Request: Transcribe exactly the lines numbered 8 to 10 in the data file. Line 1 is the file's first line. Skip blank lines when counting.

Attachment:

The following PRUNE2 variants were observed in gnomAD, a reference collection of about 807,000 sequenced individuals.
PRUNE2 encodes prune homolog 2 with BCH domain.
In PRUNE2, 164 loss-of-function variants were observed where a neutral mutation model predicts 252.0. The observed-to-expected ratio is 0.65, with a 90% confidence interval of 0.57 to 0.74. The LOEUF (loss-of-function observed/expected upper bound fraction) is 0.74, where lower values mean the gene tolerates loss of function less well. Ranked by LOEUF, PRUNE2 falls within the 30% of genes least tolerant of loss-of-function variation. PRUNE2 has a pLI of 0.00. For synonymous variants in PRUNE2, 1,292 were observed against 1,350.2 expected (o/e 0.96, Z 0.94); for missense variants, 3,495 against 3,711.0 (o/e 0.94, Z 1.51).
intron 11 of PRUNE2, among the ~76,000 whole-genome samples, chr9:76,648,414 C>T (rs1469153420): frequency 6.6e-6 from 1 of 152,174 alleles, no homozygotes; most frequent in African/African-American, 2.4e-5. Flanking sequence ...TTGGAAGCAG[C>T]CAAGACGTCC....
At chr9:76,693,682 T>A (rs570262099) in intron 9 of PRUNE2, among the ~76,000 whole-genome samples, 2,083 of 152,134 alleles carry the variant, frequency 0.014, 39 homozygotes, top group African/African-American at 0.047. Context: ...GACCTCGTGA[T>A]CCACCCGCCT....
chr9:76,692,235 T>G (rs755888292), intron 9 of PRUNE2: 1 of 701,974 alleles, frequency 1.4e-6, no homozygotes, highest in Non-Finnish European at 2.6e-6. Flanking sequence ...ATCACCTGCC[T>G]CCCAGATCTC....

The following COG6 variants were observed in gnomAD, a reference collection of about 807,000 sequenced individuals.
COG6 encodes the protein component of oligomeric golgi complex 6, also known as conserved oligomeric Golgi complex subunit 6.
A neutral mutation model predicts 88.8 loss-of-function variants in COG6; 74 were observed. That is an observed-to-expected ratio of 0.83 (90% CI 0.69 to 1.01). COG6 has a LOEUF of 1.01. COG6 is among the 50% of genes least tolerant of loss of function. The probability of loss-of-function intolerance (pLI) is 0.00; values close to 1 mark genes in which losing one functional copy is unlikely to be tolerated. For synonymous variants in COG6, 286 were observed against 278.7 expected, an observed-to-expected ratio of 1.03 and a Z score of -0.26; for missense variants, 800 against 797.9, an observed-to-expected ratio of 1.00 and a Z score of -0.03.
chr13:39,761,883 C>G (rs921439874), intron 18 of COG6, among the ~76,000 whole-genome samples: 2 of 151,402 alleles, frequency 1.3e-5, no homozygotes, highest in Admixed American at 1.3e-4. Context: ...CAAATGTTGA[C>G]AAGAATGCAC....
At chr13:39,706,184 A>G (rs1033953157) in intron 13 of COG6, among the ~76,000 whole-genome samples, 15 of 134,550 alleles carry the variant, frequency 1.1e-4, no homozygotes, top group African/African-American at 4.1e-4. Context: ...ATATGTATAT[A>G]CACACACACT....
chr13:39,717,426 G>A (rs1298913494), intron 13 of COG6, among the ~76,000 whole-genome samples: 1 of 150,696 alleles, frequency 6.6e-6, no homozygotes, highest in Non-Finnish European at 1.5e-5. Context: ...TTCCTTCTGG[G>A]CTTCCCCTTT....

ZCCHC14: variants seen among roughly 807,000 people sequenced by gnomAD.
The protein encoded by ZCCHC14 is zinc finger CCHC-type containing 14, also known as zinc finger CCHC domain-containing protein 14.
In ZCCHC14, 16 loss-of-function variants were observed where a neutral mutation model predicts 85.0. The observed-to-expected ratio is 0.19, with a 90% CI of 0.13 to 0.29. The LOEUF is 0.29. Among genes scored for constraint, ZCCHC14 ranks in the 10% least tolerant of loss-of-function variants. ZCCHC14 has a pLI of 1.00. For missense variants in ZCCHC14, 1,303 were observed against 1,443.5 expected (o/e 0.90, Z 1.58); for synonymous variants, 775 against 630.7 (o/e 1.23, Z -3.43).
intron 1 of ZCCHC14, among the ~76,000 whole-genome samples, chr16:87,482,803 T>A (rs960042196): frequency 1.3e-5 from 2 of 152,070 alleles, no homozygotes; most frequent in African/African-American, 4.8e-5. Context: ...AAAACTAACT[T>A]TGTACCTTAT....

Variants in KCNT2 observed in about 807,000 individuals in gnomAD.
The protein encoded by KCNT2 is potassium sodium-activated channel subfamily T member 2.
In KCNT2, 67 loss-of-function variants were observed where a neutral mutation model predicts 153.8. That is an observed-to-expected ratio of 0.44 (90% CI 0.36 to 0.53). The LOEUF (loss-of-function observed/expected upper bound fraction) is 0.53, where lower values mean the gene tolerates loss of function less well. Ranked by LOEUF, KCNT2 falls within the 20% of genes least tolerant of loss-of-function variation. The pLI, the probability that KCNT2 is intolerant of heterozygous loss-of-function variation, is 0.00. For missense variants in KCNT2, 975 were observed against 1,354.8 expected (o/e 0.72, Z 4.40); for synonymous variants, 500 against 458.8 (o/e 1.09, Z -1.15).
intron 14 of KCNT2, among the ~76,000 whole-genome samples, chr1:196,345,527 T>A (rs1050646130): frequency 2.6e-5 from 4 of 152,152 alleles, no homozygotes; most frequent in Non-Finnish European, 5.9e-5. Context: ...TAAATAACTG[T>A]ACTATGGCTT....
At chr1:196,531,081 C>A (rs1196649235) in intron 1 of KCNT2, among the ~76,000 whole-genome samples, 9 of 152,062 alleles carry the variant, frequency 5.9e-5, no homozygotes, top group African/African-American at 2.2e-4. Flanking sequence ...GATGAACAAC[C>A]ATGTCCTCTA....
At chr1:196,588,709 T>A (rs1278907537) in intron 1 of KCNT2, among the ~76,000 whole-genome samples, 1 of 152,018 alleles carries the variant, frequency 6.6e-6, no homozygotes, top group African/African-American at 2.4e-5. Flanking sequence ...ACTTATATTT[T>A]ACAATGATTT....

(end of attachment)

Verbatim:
COG6 encodes the protein component of oligomeric golgi complex 6, also known as conserved oligomeric Golgi complex subunit 6.
A neutral mutation model predicts 88.8 loss-of-function variants in COG6; 74 were observed. That is an observed-to-expected ratio of 0.83 (90% CI 0.69 to 1.01). COG6 has a LOEUF of 1.01. COG6 is among the 50% of genes least tolerant of loss of function. The probability of loss-of-function intolerance (pLI) is 0.00; values close to 1 mark genes in which losing one functional copy is unlikely to be tolerated. For synonymous variants in COG6, 286 were observed against 278.7 expected, an observed-to-expected ratio of 1.03 and a Z score of -0.26; for missense variants, 800 against 797.9, an observed-to-expected ratio of 1.00 and a Z score of -0.03.
chr13:39,761,883 C>G (rs921439874), intron 18 of COG6, among the ~76,000 whole-genome samples: 2 of 151,402 alleles, frequency 1.3e-5, no homozygotes, highest in Admixed American at 1.3e-4. Context: ...CAAATGTTGA[C>G]AAGAATGCAC....